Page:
Be Mine? Why It’s Smart to Court Your Friends

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Photo: Michael A. Keller/? Corbis. All Rights Reserved.

I could tell she was courting me. The constant compliments about my accessories. The invitations to lectures at the library. The birthday card on my desk with an offer to buy me a celebratory bourbon. In hindsight, it seems so obvious that we were destined to be more than co-workers. If I had made a list of qualities I desire in a friend (willingness to participate in impromptu dance parties, commitment to late-night snacking, tendency to get into spirited arguments while drunk, equal interest in classic literature and celebrity gossip), Lavanya would have met all of them. I just didn’t know it yet.

These days, she freely admits that she actively pursued me for friendship, just as I admit I sort of had to be wooed. It’s a story we tell — interrupting each other, adding little details — like any cute couple recounting their origin myth. Because just like romantic relationships, so many friendships begin with one person pursuing the other. And I’m here to tell you it’s not desperate or weird. It’s smart.

We still don't have a good way of talking about pursuing friendship. Years of style-section trend stories have documented modern problems with finding and forging friendships. The term “friend crush” gets thrown around, or its gendered cousin, the “girl crush.” (See the lovely ’zine and popular Tumblr on the subject.) And, as has become de rigueur for low-level social insecurities, a few apps have appeared to help people forge friendships. A new one called Ketchuppp promises to help you make time for people you love platonically. And when I interviewed Tinder co-founder Justin Mateen, he told me they hope the app will eventually be widely used to find friends, not just make dates. “In every kind of relationship there’s a person being pursued and a person who’s a pursuer,” he says.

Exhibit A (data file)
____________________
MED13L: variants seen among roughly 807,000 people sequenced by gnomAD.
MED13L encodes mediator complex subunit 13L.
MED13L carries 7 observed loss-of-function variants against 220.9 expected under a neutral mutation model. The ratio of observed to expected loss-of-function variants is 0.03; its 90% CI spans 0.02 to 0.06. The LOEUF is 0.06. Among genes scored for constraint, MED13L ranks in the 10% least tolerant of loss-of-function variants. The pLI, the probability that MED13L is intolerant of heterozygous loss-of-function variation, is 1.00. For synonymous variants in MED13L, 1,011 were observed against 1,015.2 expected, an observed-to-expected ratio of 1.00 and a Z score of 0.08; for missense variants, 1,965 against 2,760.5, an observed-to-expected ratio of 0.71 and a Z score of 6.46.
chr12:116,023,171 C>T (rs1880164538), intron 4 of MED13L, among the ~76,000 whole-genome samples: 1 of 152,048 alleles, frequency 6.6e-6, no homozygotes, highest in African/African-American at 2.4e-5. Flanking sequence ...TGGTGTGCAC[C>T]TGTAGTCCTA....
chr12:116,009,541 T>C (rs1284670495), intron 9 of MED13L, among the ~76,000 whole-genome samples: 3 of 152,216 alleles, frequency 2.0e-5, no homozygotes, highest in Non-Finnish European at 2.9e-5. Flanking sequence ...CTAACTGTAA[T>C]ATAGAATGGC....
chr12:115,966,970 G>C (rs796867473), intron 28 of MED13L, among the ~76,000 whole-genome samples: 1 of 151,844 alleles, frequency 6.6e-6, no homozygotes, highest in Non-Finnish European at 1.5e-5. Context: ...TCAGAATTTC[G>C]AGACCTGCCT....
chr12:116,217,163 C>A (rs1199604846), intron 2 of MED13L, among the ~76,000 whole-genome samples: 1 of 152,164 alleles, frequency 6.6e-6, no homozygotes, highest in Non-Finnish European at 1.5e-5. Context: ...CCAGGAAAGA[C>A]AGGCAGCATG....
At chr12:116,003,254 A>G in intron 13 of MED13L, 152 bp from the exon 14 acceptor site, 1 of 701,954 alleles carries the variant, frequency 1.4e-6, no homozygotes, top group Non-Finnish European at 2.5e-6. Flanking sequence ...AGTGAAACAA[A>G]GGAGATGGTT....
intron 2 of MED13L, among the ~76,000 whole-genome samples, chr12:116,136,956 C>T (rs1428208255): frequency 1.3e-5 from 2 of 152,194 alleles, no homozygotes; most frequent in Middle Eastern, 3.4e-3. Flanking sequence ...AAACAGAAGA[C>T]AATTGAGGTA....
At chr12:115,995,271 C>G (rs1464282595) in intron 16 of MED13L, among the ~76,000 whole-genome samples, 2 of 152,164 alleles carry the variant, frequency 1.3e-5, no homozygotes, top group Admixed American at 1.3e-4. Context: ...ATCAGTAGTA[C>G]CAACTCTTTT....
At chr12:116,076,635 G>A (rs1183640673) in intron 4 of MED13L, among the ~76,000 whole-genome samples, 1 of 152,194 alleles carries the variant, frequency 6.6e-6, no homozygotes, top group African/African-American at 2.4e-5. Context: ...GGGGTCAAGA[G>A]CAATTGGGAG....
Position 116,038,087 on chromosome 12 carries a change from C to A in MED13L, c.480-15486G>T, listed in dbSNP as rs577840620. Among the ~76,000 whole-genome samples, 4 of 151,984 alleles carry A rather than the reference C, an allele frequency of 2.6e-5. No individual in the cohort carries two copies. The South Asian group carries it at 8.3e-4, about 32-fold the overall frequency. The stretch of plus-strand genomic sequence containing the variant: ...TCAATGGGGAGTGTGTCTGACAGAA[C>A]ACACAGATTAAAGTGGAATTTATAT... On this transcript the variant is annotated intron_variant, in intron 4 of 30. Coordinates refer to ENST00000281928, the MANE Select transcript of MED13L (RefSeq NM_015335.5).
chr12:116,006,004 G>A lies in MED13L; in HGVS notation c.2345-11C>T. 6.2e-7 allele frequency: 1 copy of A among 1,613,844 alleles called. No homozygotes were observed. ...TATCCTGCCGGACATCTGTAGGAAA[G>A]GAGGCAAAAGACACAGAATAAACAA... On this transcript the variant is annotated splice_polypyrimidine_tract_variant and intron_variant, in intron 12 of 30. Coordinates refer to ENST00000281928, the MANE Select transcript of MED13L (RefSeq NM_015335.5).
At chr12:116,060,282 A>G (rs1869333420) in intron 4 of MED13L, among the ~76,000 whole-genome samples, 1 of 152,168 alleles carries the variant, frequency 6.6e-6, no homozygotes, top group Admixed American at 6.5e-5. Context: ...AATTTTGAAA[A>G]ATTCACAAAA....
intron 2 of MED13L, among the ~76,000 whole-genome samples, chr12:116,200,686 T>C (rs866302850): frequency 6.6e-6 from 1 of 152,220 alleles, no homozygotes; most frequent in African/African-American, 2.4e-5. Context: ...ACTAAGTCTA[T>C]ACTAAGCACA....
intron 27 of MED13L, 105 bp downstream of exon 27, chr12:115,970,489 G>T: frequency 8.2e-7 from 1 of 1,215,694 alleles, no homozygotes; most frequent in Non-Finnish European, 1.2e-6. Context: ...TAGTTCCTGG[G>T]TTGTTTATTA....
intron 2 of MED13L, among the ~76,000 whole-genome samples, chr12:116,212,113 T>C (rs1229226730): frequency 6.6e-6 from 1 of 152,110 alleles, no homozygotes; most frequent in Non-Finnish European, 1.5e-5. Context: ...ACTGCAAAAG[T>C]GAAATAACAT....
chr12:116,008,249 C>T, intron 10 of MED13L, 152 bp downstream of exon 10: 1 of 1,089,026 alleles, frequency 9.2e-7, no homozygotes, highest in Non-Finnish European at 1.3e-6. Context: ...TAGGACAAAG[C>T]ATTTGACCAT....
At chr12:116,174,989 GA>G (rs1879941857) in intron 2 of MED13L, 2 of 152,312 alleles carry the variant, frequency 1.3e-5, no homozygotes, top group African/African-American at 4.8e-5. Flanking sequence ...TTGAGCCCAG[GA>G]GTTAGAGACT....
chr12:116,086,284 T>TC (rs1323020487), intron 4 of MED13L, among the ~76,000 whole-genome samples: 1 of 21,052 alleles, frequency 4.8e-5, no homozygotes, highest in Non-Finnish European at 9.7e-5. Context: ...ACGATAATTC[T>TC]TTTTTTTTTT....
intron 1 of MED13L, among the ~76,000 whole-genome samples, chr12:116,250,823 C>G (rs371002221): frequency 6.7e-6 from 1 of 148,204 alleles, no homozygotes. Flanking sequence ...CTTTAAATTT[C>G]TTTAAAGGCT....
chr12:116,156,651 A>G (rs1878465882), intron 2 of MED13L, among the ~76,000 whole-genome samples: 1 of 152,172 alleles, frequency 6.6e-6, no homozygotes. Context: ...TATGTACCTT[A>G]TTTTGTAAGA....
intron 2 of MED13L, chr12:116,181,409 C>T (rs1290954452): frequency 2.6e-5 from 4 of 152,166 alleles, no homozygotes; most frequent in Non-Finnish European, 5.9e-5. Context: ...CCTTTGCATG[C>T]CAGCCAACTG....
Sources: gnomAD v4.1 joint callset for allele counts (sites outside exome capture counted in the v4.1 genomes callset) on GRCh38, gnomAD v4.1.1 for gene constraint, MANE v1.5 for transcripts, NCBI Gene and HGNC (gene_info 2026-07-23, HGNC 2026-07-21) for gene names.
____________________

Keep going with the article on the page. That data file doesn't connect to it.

But most of our courtship narratives are still romantic, which really tends to obscure the importance of friendship’s early stages, and downplay the thought and skill that goes into cultivating meaningful platonic relationships. We tend to second-guess ourselves when we feel that jolt of friend attraction. A woman I know who recently moved from Houston to Los Angeles was telling me about a woman she met and really wanted to befriend. “It seems like she has so many friends already though,” said the new girl in town. “Do you think she’d mind if I asked her to hang out?” “You have to ask her!” I said. I have heard many women describe the first time they met a friend and just knew they were destined for years of inside jokes and hang times on the couch and late-night party antics.

“Nearly all friendships are based on a spark of mutual attraction. Some people describe platonic love-at-first-sight stories, wherein they were instantly drawn to a new acquaintance and just knew they would befriend her,” says Carlin Flora, author of Friendfluence: The Surprising Ways Friends Make Us Who We Are. Still, she says, “We often drift into friendships, especially when we're young and in a work or school setting that makes it easy to automatically ramp things up without having to make a concerted effort to develop the friendship. The main point of my book is that we should be more conscious of how and whom we befriend, since these people have a huge impact on our life trajectories.”